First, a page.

Cornwall Iron Furnace

9/7/14 Sunday in Lebanon,PA (Hershey Campground-TT)

Mass ended around 11:30 am. The Cornwall Iron Furnace was not far from the church but opened at noon so we wandered around the outside awhile before we could begin the tour. ($7/senior, 65+) It started with a movie at 12:30 pm, so we studied the artifacts in an outer room first. Our tour guide was one of the best – she had a way of explaining that everyone could hear and follow, plus she’d ask about questions and let there be silence. Sure enough questions bubbled up often. That really made our experience all the more interesting. Boy did we learn a lot about Iron Furnaces!

This is the only surviving intact Charcoal Cold Blast Furnace in the Western Hemisphere. It was built in 1742 by Peter Grubb, a stone mason who’d been mining nearby. The 3 hills that contained this high iron content ore have been dug through 1972, thus are now a large lake. Mt. Gretna, nearby, is where they got the wood. It took an acre of trees to burn into charcoal that would feed the furnace in one day. Because it took a long time to build to hot enough and cool, it was only allowed to cool when the water in the stream that powered their water wheel froze or was too low. The water wheel was necessary to power the bellows that brought more oxygen to the fire since more oxygen was required to get the fire hot enough to melt the iron ore. It BLASTED the air into the furnace. Later Coleman used the innovation of a steam engine for power, thus he used the heat emanating from the furnace to power the steam engine and didn’t have to shut it down except for maintenance once in a while.

Peter named it Cornwall after his home in England. His sons ran it after he died but they fought a lot and eventually sold it to Robert Coleman who, along with his descendants, ran it until 1883 when anthracite coal made it obsolete. It was abandoned until 1932 when his great-granddaughter donated it to Pennsylvania. Around 1972 the Pennsylvania Historical & Museum Commission renovated it and began sharing it with the public.

This building was for storing the charcoal. Men would carry it up the roof through those ladders, then drop it down.

iron 1

These images explain the process of the furnace. It threw in some artifacts for good measure. They even made the cannons and cannonballs for our Revolution.

iron 2 iron 3 iron 4 iron 5

The charcoal storage building is where they have the visitor center now. A walkway leads from it to the “Charge Path” in the next building. Here they’d have carts of charcoal on one side and wagons of iron ore on the other side, with a complement of limestone at the back, near the far window. They’d “charge” the furnace with a layer of 250 lbs. of charcoal, 450 lbs. of iron oar and 50 lbs. of limestone which attached to the impurities, helping to separate them from the iron. In the final image you’re looking down the hole into furnace, where men would dump their “charge”.

iron 6 iron 7 iron 8 iron 9

This is the wheel that would turn the gears to power the pistons, all run by the steam engine (2nd image). The old water paddle wheel used to be in this spot. The little mechanism in the corner of the room where the steam engine was would sent a signal (bell) to the man watching the steam engine. Our guide said that the men would try sounding it, not the children, so they cut the long wire that used to hang down to ring it.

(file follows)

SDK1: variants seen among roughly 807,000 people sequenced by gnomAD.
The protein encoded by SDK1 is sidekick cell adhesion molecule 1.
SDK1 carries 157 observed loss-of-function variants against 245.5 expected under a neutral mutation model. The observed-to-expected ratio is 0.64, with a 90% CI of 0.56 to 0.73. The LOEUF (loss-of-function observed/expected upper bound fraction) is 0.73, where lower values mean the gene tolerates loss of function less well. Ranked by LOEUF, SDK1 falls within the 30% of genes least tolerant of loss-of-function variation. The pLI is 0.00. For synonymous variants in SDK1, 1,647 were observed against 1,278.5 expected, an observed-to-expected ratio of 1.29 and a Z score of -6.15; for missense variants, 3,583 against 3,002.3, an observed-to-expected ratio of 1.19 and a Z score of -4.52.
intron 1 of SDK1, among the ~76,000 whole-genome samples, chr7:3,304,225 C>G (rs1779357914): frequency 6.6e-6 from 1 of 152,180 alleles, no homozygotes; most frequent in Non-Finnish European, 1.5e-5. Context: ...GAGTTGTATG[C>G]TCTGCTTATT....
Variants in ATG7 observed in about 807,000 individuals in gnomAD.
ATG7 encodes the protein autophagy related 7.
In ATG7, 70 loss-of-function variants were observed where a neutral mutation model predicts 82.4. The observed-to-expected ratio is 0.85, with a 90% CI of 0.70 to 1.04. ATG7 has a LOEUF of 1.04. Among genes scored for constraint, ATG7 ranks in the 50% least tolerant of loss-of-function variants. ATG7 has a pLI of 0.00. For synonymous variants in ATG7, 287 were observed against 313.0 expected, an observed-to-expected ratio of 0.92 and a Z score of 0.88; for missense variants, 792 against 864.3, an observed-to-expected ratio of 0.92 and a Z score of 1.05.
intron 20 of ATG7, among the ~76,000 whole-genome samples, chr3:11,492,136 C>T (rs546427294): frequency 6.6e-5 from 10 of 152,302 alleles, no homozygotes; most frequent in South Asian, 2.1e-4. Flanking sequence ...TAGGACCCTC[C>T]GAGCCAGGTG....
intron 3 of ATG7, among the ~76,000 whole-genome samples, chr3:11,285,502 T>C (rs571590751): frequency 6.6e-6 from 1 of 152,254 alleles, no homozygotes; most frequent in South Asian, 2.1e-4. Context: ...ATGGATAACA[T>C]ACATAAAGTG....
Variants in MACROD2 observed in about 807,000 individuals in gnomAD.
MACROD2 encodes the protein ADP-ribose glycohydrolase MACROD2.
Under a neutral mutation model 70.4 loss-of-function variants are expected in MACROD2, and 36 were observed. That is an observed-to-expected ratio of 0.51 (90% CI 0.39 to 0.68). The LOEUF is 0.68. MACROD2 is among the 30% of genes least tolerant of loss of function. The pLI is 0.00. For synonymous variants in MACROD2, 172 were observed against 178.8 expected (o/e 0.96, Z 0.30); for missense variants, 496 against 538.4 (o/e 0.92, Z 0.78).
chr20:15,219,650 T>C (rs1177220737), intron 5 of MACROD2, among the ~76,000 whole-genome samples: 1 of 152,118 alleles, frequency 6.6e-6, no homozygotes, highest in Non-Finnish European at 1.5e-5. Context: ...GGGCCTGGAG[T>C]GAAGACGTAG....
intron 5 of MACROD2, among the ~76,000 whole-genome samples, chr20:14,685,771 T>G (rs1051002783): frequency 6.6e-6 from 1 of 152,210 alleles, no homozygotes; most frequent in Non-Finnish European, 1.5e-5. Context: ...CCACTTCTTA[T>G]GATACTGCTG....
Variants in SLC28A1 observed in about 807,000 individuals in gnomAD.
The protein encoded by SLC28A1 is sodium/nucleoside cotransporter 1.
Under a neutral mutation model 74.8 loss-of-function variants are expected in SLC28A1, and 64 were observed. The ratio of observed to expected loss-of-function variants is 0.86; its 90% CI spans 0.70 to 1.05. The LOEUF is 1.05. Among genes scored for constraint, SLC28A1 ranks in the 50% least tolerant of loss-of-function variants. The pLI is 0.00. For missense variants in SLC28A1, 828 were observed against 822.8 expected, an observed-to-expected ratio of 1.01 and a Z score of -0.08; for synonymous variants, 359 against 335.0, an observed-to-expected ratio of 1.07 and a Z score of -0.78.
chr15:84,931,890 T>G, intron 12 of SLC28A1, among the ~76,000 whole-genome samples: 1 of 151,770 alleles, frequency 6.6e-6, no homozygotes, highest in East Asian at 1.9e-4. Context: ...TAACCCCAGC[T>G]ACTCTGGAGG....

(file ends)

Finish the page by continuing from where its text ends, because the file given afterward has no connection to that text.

iron 10 iron 11 iron 12

At the bottom of the furnace we see where the molten iron and slag came out. The slag was directed to where the walkway is, to be broken and carted off by young apprentices when it had cooled. You can see where the iron was directed into either molds (crates set near the furnace) or a path to the furrows in the sand. The name pig iron, still used today, refers to how they were arranged – like piglets at their mom. The center row of iron was called the sow.

iron 13

When the tour was over it was well past lunch time, so we headed home. We hope to visit again to check out the surrounding buildings they show in their brochure. We set out to WalMart for our groceries next. As soon as we got home I put together our Sassy Chicken Salad for the potluck, took a wee nap, then off we went to fun times with Randy/Sue (hosting the potluck), Susan, Gail/Larry. Only when it got really cold did we all head back to our homes.

About Patricia Elser

I've always loved the loose, flowing, transparent look of watercolors, of Chinese paintings and their calligraphy, but alas, no watercolor classes were available when I was in school, so that interest remained buried until my children were grown. Even then, I was afraid that I couldn't really paint, so upon my sister's advice, I actually started to take classes. I signed up for every class available, determined to learn no matter how afraid I was. I came upon a teacher, Stan Miller, who inspired me, who opened the door to success in watercolor. I love to look at beautiful images. I want to capture them forever. All my life, photography was how I gathered images of the beauty I saw. Thanks to all that photography, I enjoy composing pictures, especially up close. Watercolors allow me to add more of me in their translation of that beauty. My paintings reflect my love for music and dance, with their rhythm and flow. I am fascinated by the play of light, so it appears in my pictures as drama for they are filled with darks and lights. Maybe it's the challenge, maybe it's the beauty, but now, when a work comes together, it fills my soul.
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